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Afghan Woman Journalist Working as Street Vendor in Kabul

Farzana Ayoubi, a woman journalist, must work as a vendor on a Kabul street due to economic problems in order to support her three-member family.  

Mrs. Ayoubi said that she became jobless after the rapid political change in Afghanistan.  

“With the closure of some media organizations, journalists became jobless and I was forced to work as a vendor as they don’t allow us (women) to work,” she said.  

She called on the international community and media watchdogs to pay attention to the problems of the media family in Afghanistan.  

“The international community and the media watchdogs should consider our situation,” she said.  

Ayoubi, 27, worked at several media organizations in Afghanistan.  

Officials of the media watchdog organizations said that they have been trying to resolve the problems of the Afghan journalists.  

“I call on the international organizations and countries supporting the media to pay serious attention to the media in Afghanistan," said Hujatullah Mujadid, a member of the Afghan Journalists’ Federation.   

“When the political changes came to Afghanistan, the media family was severely damaged. The journalists unfortunately engaged in hazardous work, and working as vendors on the streets, ” said Masrror Lutfi, head of Afghanistan’s National Journalists' Union.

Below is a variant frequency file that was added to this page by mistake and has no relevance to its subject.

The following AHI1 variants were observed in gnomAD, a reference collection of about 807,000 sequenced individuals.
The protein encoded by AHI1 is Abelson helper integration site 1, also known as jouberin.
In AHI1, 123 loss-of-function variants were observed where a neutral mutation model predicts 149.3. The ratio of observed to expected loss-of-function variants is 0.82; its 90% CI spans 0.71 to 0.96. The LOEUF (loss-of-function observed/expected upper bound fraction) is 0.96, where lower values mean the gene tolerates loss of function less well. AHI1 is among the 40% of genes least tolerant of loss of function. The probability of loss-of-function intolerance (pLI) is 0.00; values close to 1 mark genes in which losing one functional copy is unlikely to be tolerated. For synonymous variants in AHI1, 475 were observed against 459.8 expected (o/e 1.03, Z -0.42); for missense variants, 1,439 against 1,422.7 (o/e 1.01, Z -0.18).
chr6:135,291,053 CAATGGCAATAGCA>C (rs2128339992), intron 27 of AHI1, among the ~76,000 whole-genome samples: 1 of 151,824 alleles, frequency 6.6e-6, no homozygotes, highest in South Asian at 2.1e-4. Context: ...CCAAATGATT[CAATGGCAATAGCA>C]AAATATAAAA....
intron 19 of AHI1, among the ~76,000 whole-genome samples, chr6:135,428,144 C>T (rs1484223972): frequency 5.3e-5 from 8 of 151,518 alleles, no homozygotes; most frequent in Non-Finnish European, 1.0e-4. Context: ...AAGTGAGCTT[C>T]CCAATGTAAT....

This comes as the UN and other humanitarian organizations expressed concerns over the severe economical crisis ahead of a cold winter in Afghanistan.  

The citizens urged the current government to take major steps in countering poverty in the country.  

Afghan Woman Journalist Working as Street Vendor in Kabul

Officials of the media watchdog organizations said that they have been trying to resolve the problems of the Afghan journalists.  

تصویر بندانگشتی

Farzana Ayoubi, a woman journalist, must work as a vendor on a Kabul street due to economic problems in order to support her three-member family.  

Mrs. Ayoubi said that she became jobless after the rapid political change in Afghanistan.  

“With the closure of some media organizations, journalists became jobless and I was forced to work as a vendor as they don’t allow us (women) to work,” she said.  

She called on the international community and media watchdogs to pay attention to the problems of the media family in Afghanistan.  

“The international community and the media watchdogs should consider our situation,” she said.  

Ayoubi, 27, worked at several media organizations in Afghanistan.  

Officials of the media watchdog organizations said that they have been trying to resolve the problems of the Afghan journalists.  

“I call on the international organizations and countries supporting the media to pay serious attention to the media in Afghanistan," said Hujatullah Mujadid, a member of the Afghan Journalists’ Federation.   

“When the political changes came to Afghanistan, the media family was severely damaged. The journalists unfortunately engaged in hazardous work, and working as vendors on the streets, ” said Masrror Lutfi, head of Afghanistan’s National Journalists' Union. 

This comes as the UN and other humanitarian organizations expressed concerns over the severe economical crisis ahead of a cold winter in Afghanistan.  

The citizens urged the current government to take major steps in countering poverty in the country.  

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